Tag: Kurzweil AI
The tale of the wonders of carbon nanotubes continues. If you remember, carbon nanotubes are those things that are apparently super tiny, flexible, super strong when used correctly, and super conductive. They’ve been theorized to create “free” energy, help us clean water, heal the blind, re-grow a heart, both cause and detect lung cancer, possibly treat lung cancer, and now, as its crowning achievement (so far), they’ll be instrumental in creating brain implants.
That’s right, from heart, to lungs, to brain, carbon nanotubes are going all over the human body. Scientists at Rice University have successfully implanted carbon nanotubes in Rats with Parkinson’s symptoms with little or no rejection, allowing them to detect neurons firing. The doctors believe that this is a first step in creating independent implants which would help create a therapy for Parkinson’s which would adapt in real-time to the brain’s functions.
Transcendant Man is a documentary about Ray Kurzweil. You might find that name familiar because I’ve often linked to his website, KurzweilAI, that keeps track of amazing scientific advancements.
Transhumanists already know his name and have likely already flocked to read the book or see the movie, for those of you who haven’t, there is an one night viewing come to theaters across the US that includes both a showing of the movie and commentary by Ray Kurzweil himself. The showing is August 3rd and you can download a PDF contain the list of theaters here or enter you zipcode on this site.
So in the past we’ve learned that Carbon Nanotubes can be used to deliver drugs into the body quickly, or possibly even a targeted fashion. Now we can paint them fluorescent and inject them into the body and be able to track and image their progress with greater depth an accuracy than standard biocompatible dyes.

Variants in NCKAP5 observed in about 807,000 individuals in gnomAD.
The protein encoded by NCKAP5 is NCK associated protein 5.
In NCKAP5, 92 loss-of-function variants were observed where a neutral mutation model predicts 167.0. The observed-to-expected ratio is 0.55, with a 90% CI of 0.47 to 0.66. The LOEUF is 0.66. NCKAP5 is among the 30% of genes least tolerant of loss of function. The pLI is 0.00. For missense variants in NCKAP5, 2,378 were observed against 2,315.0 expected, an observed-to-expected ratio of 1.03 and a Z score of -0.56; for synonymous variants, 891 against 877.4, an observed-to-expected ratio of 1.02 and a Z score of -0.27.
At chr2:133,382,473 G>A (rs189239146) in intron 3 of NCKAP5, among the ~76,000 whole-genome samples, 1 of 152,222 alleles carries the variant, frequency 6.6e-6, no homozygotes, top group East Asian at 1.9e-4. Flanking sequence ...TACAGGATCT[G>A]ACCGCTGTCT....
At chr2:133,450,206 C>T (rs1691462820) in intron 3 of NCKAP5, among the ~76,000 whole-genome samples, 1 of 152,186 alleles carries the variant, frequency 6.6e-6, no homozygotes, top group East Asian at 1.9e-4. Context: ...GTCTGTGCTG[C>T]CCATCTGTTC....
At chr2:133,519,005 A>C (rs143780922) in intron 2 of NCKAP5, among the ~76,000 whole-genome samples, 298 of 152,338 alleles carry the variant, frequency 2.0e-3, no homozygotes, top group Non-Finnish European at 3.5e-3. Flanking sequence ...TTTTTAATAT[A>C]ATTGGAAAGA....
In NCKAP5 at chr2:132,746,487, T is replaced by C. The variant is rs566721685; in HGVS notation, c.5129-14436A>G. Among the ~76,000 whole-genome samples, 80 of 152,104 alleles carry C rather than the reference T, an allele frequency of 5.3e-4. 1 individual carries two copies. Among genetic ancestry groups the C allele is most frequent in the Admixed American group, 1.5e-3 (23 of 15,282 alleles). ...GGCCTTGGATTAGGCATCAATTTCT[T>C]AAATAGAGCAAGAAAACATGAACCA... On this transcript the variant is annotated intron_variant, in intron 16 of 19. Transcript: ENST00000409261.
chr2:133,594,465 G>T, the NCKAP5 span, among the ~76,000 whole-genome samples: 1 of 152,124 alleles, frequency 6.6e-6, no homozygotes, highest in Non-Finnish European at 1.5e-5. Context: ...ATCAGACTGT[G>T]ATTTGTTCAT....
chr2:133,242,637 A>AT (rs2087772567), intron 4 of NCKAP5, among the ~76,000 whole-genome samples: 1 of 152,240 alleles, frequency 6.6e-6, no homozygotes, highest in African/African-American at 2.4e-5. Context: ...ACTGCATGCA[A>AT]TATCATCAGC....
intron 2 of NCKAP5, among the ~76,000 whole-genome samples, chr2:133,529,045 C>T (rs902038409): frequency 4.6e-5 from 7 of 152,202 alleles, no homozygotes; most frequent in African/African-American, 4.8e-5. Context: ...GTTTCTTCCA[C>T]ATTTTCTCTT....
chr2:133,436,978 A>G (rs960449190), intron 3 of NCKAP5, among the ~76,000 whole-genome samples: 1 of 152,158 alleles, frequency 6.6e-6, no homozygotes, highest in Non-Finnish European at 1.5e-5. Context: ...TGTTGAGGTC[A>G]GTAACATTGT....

This means we can both deliver drugs and watch them get delivered in real-time. An amazing step in medicine.
Forget stem cells, researchers at Brown University have figured out how to use carbon nanotubes to mimic natural tissue that can be used to replace certain nerve cells in the heart’s wall that help sense how the heart is beating in order to keep it regulated.
I always knew people had a place in their heart for carbon nanotubes!
So part of the problem with water is that the majority of it on Earth is full of salt and drinking that much salt just isn’t that good for us. So we came up with the word desalination to describing removing salt from water. Too bad most desalination processes are very energy intensive. However researchers at the New Jersey Institute of Technology have some up better process using carbon nanotubes that requires less heat and produces more drinkable water!
So one of the biggest problems with our emerging mobile technology is finding energy efficient nonvolatile memory. That is memory that continues to hold information even after the power is turned off. The problem is that writing to standard flash memory takes up a proportionally large amount of energy but flash memory is also some of our smallest memory to date. Carbon Nanotubes, when combined with a new type of memory called phase-change memory, may be the key to overcoming this obstacle.
Plus this time we have a video to help explain it: